Free space optics (FSO) is a technology which has been repeatedly hailed as an alternative to wireline fiber for backhaul and high speed connectivity. But despite its claims to provide a solution to rising capacity demands and spectrum shortage, the laser-based technology has never quite made it to the commercial mainstream of the telco sector, and there has been a string of casualties along the way, most recently AOptix in 2016. The latest organization to try to revive it is LGS Innovations, a former subsidiary of Alcatel-Lucent, which is now independent.
Its technical director of new business development, Tom Wood, said in an interview with FierceWirelessTech: “We’re seeing a lot more interest in commercial free space optical communications now than we did a few years ago.” The company has worked in FSO for 20 years, but its main customers have been in government rather than the commercial sector.
With FSO, signals are sent through the air rather than over a physical cable, in frequencies around 193 THz. It can be used to communicate between satellites and the ground, or other satellites, and has often been mooted as a solution for high speed cellular backhaul or very high performance point-to-point links. The FSO spectrum is unlicensed and plentiful, at a time when operators are seeking new capacity, and the units are generally smaller and lighter than an RF product for the same application.
Some companies have combined it with millimeter wave radio technology to create a solution that uses the best qualities of optical and radio – for instance, with the radio mitigating the weaknesses of FSO, such as poor performance in cloud and rain.
However, it has been hard to get such solutions to market, as the demise of AOptix – which had designed a hybrid FSO/mmWave platform – highlighted. Some start-ups, such as fSona, have survived, while others, like Clearmesh, have not.
But acceptance of technology is often a question of timing, and LGS feels FSO’s day has come at last because of the congestion of conventional spectrum. “These free space optical communications systems can support the kind of bandwidth that users are coming to expect,” Wood said.
Jay Moorman, group president of wireless solutions at LGS, even thinks FSO could achieve ‘five 9s’ reliability – despite its sensitivity to weather – by placing multiple ground stations, and that in years to come, it could be an alternative to ground-based terrestrial systems, though he admitted: “I don’t see it happening in the short term. We’re still a little bit a ways from that.”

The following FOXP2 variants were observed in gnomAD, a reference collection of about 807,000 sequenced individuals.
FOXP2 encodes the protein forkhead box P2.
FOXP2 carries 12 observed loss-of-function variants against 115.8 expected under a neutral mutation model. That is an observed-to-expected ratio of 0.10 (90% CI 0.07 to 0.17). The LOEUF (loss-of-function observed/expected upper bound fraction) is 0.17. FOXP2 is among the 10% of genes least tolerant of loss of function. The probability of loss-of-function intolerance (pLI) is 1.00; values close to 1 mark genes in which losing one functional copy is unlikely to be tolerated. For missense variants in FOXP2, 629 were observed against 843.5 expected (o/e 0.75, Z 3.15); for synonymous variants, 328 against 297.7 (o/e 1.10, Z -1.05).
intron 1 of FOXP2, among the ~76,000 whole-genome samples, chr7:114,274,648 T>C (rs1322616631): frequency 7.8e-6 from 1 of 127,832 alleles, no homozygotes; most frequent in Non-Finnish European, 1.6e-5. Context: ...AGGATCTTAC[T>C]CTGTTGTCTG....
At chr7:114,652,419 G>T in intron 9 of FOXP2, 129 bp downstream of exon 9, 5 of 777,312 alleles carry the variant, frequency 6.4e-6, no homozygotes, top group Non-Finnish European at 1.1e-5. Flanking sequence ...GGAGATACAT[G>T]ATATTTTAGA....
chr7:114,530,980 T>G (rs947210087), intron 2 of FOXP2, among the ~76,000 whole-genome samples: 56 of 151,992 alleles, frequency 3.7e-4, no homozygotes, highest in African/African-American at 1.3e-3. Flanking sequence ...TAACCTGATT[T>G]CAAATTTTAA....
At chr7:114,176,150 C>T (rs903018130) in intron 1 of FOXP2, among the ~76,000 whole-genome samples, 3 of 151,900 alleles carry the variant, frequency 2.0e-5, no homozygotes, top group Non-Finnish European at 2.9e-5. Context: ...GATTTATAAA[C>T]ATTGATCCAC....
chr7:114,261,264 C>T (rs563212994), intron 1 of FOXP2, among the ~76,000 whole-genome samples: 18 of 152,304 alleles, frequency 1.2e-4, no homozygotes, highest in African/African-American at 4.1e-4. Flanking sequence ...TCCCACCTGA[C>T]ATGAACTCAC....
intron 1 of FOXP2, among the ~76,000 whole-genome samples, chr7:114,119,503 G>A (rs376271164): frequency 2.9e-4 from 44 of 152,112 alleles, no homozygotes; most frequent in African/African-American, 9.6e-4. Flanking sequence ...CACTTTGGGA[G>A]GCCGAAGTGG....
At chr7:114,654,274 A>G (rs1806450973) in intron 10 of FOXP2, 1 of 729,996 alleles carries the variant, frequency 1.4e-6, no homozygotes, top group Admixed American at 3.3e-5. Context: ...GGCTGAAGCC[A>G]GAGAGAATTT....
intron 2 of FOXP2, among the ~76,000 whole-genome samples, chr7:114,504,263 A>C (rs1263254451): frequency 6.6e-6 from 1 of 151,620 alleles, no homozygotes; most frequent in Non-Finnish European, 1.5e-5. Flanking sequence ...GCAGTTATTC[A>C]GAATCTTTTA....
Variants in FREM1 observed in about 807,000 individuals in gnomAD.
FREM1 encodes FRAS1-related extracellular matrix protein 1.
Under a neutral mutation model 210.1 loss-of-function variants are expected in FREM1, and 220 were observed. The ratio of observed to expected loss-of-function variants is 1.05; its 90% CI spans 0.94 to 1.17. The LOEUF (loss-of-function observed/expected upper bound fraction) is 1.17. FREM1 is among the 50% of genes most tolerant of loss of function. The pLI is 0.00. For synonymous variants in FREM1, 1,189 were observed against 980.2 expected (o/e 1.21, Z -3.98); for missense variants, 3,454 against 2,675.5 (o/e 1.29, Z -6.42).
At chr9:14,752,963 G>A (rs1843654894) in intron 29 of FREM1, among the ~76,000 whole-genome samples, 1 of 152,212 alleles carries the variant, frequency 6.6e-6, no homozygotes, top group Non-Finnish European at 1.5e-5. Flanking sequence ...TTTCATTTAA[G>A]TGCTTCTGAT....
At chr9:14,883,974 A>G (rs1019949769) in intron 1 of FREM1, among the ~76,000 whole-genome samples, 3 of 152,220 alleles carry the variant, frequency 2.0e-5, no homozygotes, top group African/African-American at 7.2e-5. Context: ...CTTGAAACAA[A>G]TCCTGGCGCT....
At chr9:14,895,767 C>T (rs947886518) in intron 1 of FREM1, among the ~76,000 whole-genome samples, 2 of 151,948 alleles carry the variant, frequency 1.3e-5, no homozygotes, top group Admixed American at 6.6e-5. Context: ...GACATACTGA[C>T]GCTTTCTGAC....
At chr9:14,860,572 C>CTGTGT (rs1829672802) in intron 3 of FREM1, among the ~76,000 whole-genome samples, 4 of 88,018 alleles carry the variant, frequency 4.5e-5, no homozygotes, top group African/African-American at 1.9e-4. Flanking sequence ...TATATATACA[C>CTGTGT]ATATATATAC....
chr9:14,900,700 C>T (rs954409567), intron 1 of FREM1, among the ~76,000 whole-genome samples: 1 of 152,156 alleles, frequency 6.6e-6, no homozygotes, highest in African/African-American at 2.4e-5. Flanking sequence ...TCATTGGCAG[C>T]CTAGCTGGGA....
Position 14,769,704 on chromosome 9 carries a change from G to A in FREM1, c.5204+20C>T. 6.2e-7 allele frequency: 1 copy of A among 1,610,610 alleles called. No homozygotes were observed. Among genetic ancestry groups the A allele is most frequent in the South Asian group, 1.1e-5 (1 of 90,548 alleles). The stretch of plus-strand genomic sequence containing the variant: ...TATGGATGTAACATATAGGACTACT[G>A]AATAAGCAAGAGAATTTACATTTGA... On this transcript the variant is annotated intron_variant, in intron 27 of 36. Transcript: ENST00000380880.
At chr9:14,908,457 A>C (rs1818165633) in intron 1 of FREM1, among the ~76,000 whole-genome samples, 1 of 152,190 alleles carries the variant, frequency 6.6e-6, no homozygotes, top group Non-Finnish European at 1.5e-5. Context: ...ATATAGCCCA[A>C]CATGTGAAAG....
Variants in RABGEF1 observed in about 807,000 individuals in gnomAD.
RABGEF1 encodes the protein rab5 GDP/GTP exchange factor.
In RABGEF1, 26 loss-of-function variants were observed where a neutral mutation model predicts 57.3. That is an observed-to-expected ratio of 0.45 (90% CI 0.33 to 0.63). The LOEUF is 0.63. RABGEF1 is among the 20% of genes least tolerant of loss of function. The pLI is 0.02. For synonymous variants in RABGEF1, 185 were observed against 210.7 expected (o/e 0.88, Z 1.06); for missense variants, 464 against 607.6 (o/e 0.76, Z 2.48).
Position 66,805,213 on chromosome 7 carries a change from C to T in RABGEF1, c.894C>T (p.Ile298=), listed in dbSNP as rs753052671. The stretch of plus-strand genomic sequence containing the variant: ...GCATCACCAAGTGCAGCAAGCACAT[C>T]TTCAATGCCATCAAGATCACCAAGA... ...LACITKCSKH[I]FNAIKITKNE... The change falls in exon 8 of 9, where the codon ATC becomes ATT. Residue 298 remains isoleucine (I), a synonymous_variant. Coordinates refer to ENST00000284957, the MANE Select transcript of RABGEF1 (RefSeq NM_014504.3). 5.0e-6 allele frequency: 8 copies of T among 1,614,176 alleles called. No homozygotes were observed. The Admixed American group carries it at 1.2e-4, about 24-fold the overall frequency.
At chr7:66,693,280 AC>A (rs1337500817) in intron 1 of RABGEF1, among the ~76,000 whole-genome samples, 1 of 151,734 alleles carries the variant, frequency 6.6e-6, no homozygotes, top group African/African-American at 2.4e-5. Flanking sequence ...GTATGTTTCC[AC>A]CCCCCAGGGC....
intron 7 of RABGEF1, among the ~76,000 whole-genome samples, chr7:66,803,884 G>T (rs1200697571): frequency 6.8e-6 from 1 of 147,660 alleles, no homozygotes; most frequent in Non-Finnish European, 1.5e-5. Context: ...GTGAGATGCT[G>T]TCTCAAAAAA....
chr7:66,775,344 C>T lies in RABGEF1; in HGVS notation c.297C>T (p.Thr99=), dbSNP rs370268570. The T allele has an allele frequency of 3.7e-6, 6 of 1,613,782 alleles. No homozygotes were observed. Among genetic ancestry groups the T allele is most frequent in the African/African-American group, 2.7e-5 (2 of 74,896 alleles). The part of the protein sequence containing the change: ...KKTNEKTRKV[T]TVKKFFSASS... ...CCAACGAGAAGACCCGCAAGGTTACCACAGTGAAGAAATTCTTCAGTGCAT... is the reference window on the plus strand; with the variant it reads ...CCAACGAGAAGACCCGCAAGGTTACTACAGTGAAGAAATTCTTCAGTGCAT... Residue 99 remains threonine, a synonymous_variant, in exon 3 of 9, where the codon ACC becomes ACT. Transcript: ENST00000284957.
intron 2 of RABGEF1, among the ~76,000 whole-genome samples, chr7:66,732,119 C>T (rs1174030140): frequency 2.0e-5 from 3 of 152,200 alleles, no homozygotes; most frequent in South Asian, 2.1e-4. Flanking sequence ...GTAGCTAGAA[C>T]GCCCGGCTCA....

It remains to be seen whether there will be a sustained interest in commercial FSO, or whether this is just another in a string of periodic surges of interest in the system as a backhaul option. FSO has remained a niche technology since it was originally developed by space agency NASA in the 1970s. It uses line of sight lasers or LEDs to transmit voice, data and video at up to 2.5Gbps over distances of 4-5 kilometers in 60 GHz frequencies, carrying any protocol. Through use of wavelength division multiplexing (WDM), speeds can increase to 10Gbps, rivalling physical and wireless fiber rates, delivered by competing technologies like millimeter wave, point-to-multipoint microwave and high capacity microwave.
After 2003, the clutch of small FSO suppliers largely failed in the dream of targeting the broadband access market (NTT of Japan is one of the few majors that has used FSO for last mile applications). FSO is estimated to account for only 1% of the global wireless industry, even though it is part of development programs at a few major operators, such as British Telecom. The most prominent specialist, Lightpointe, has had its own financial travails, and another pioneer, Terabeam, exited the market to focus on WiFi and WiMAX (and was later acquired).
AT&T did much to bring FSO to telcos’ attention, when in 2003 it initiated a flagship project to overlay FSO with its own fixed wireless technology to target backhaul, fixed wireless access and enterprise applications. But AT&T’s interest in combining the best attributes of radio and FSO waned (though Lightpointe succeeded in creating a similar hybrid platform). WiMAX appeared to present a new opportunity for combining with FSO to deliver ‘wireless fiber’, but again, the business did not scale up.
Interest rose again around 2010, when fSona conducted trials with several operators, tempted by the 2.5Gbps peak performance of FSO, which is particularly suited to dense urban areas, where the main backhaul crunch is experienced. MNOs have little experience with non-radio technologies, and are often suspicious of them, and they remember the poor performance of many early FSO experiments. These were overhyped, and did not deliver on their promises, often because of the natural downsides of optical technologies – the signal’s vulnerability to fog, humidity and other air conditions, plus the need for full line of sight.
These disadvantages drove the interest in a hybrid radio system, where a failed FSO signal could fall back to more robust microwave or millimeter wave links. But these had their own downsides, notably the expense and complexity of supporting and optimizing two technologies for one link, and the potential need for licensed spectrum.
Thus companies like LGS and fSona have focused on overcoming FSO’s problems without the use of radio hybrids. fSona did this in 2011, claiming link availability of 99.999% over ranges from 50 to 5,000 meters using 1550nm wavelength lasers, which allow for higher power and signal intensity while remaining safe to eyes. The higher transmit power levels extend range and data rates, and also penetrate fog and other environmental obstacles.
Of course, the need for FSO may be lessened as mmWave radio technologies move into the mainstream for backhaul and fixed wireless access.